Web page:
The Arbitrum DAO has announced a new $45 million funding initiative aimed at boosting development on its Ethereum scaling solution. The so-called "Long-Term Incentives Pilot Program" will distribute the funds over 12 weeks to protocols building on top of Arbitrum, with the goal of remedying complaints about Arbitrum's past incentive programs.
A five-person council elected by the DAO will be responsible for evaluating applications and selecting recipients. Applicants will have two weeks to apply, followed by a two week feedback period where they can modify their proposals with guidance from assigned advisors. The council will then select recipients, subject to a Snapshot vote by Arbitrum delegates.
The program hopes to test new incentive designs and prepare for an even larger long-term incentives framework going forward. The Arbitrum network promises fast transactions and low fees by handling computation and data off the main Ethereum blockchain while still benefitting from its security. But despite its technology, developer adoption has lagged competitors.
Will the new funding be enough to attract builders and cement Arbitrum's place in the future of Ethereum scaling?
Fixing Past Complaints
The Long-Term Incentives Pilot Program aims to remedy three main complaints about Arbitrum's previous developer incentive programs:
- Too much burden placed on delegates: Previously, delegates had to vote on every incentive application individually, with almost 100 Snapshot votes. The new program's council shifts the workload.
- Lack of feedback for applicants: Many teams struggled to get feedback to improve their applications pre-vote. New "Application Advisors" will now provide guidance.
- Strict limitations on incentives: Past rules unintentionally restricted innovation in incentive models. More flexibility should lead to better incentive alignment.
By addressing these issues and empowering the council and advisors, the DAO hopes to run more effective funding rounds.
$45 Million Fund Details
The program launches with a budget between $25-45 million in Arbitrum's governance token, ARB. The exact amount will be determined by a Snapshot vote. All funds will be distributed over a 12 week period to selected recipient protocols.
Protocols will have two weeks to submit their applications on the Arbitrum forum, with help from advisors during an additional two week feedback period. A screening committee will then select recipients, subject to Snapshot votes approving each one.
Incentives must be distributed by recipients over the full 12 weeks. Any unused funds get returned to the DAO.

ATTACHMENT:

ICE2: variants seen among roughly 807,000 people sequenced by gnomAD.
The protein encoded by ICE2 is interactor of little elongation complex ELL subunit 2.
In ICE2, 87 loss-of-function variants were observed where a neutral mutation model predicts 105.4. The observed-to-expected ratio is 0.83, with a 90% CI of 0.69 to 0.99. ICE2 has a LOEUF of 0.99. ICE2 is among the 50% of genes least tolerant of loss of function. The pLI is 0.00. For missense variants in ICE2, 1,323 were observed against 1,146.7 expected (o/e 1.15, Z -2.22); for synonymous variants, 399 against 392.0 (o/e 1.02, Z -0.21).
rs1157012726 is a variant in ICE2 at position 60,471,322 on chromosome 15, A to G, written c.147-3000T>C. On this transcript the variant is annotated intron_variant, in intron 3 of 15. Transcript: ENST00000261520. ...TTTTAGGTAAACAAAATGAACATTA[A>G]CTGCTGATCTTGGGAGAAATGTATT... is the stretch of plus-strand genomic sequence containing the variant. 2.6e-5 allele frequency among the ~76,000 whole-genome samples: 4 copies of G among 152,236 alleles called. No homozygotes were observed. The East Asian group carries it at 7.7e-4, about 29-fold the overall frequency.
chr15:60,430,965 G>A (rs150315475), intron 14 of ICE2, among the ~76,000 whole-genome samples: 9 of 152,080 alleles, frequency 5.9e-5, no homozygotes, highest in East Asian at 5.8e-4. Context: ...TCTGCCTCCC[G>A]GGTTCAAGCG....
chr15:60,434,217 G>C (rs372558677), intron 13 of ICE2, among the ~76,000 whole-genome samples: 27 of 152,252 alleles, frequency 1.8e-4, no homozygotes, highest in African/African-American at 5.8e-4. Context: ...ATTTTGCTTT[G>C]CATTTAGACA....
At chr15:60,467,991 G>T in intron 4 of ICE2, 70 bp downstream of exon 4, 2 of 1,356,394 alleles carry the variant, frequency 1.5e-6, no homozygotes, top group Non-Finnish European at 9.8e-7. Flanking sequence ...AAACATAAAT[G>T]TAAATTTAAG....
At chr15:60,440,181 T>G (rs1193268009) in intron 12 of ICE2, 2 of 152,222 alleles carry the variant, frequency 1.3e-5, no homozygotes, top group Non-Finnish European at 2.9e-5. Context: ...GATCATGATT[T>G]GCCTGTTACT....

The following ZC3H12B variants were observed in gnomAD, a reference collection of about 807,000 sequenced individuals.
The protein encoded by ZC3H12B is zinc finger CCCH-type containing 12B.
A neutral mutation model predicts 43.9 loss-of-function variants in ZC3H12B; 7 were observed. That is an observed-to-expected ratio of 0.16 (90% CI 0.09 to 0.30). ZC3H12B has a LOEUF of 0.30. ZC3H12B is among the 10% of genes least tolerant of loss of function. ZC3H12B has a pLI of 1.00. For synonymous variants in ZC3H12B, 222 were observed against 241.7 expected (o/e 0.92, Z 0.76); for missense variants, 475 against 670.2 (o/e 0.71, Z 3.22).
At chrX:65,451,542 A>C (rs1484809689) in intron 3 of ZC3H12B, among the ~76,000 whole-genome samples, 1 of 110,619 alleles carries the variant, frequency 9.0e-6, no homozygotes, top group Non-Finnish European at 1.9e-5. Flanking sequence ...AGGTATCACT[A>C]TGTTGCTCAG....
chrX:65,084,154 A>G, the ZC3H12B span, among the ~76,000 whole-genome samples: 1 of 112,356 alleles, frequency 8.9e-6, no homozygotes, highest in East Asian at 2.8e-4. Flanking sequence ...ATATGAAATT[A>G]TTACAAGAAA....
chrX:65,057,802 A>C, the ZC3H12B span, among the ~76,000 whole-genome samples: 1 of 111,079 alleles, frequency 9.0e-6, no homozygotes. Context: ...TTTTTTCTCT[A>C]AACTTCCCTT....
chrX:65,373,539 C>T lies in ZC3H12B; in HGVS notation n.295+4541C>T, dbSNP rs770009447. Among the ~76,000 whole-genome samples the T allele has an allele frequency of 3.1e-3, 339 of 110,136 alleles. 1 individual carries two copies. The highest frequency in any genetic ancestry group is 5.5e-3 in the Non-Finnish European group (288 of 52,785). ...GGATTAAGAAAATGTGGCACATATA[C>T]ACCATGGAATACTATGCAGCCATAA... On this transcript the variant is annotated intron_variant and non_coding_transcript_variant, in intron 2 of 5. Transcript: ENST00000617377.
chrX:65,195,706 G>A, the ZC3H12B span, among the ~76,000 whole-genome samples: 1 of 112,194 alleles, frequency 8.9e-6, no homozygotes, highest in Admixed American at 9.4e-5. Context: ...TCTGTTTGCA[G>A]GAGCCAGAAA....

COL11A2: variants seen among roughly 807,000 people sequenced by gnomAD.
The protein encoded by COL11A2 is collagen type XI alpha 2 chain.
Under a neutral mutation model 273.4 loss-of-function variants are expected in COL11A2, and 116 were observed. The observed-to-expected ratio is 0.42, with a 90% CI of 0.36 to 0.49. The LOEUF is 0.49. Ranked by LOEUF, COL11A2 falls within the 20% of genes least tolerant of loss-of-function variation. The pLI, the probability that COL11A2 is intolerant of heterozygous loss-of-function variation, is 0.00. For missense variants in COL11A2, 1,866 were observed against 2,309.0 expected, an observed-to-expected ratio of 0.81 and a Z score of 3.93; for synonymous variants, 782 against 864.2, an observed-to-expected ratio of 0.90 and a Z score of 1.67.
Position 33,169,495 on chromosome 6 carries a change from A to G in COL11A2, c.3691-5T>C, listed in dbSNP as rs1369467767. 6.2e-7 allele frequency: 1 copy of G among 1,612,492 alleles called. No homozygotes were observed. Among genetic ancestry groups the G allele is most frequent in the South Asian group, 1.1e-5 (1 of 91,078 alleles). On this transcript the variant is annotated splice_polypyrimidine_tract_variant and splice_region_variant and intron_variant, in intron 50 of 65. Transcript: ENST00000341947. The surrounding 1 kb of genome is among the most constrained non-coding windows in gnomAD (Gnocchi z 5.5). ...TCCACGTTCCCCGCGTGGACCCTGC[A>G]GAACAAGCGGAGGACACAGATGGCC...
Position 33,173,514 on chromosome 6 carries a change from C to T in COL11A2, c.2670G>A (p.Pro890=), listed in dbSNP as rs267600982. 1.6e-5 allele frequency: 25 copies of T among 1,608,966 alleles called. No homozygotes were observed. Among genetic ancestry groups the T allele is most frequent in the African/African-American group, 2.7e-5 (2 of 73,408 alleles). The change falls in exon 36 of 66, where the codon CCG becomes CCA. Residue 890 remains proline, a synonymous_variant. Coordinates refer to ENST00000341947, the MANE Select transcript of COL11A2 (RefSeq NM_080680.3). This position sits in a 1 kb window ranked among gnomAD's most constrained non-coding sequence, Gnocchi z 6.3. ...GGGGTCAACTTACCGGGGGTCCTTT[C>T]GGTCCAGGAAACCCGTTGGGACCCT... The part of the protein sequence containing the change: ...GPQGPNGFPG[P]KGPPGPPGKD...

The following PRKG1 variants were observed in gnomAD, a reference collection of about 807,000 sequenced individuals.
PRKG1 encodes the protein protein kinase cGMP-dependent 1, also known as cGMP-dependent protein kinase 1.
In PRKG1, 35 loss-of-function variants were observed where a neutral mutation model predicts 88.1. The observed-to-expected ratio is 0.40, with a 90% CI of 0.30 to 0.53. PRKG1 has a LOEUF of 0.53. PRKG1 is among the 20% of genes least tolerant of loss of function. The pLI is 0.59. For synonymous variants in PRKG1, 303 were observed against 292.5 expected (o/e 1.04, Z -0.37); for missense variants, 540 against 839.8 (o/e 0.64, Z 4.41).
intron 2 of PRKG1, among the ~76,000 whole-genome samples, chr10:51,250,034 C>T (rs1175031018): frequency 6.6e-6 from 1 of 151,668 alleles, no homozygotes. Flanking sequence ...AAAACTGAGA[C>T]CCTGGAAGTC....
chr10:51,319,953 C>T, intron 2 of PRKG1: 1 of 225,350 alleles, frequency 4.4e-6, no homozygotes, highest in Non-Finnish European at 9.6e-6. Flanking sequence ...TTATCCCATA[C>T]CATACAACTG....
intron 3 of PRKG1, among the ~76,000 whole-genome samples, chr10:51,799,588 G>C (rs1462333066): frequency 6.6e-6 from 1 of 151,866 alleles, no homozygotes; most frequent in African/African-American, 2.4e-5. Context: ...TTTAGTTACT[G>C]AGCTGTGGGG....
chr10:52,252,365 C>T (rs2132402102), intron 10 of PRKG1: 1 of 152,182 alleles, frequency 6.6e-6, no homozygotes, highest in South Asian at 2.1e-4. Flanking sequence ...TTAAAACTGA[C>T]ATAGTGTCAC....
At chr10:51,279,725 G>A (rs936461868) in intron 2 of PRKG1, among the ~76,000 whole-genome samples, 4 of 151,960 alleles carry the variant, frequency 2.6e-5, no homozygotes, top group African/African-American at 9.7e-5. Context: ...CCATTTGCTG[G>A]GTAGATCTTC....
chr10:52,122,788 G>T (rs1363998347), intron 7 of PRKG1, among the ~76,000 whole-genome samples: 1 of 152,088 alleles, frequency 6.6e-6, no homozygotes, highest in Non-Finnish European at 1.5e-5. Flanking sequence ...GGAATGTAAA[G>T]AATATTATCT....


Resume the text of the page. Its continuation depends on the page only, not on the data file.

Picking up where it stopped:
The funding covers more than just direct incentives. It also pays the new council members, advisors, analytics, program management, and community contributors.
But the vast majority goes directly to builders - between $25-45 million depending on the final vote. The full proposed budget consists of:
- Incentives: $25-45 million
- 5 Council Members: $125,000
- 3 Advisors: $105,000
- Research: $200,000
- Analytics: $150,000
- Program Mgmt.: $100,000
- Proposal Assistance: $15,000
- Retroactive Funding: $100,000
- Multisig signers: $20,000
Empowering Builders With Accountability
In my view initiatives like these that empower developers are crucial for the health of blockchain networks. However, the decision making process could be further decentralized by allowing the broader community to vote on funding recipients, rather than just a small council.
Striking the right balance between efficiency and decentralization will determine if this program reaches its full potential.
On the other hand, the additional accountability mechanisms with advisors and a formal screening process could prevent issues. Past incentives programs across Ethereum have shown that simply throwing money at developers does not guarantee results.
By formalizing feedback and requiring regular progress updates, Arbitrum aims not just to attract builders - but attract the right builders and incentivize real adoption.
Ongoing Challenges Ahead
Going forward, I predict that attracting top development talent will remain an ongoing challenge even for technically sound blockchains like Arbitrum. Initiatives like this pilot funding program are a step in the right direction, but networks must also focus on creating sustainable business models and user bases beyond speculative activity.
The next year will test if Arbitrum can turn its technology and funding into real-world adoption. Its future depends on providing true utility to Ethereum users, not just promises to developers.
Competitors like Optimism and zkSync are rapidly innovating as well. If Arbitrum's incentives fail to generate results, its first-mover advantage may soon slip away.
For now, the Arbitrum community has high hopes for the new incentives program. But it remains to be seen if the DAO can effectively manage such a large budget. And it's the developers who will ultimately determine if the network can move from promises to actual adoption.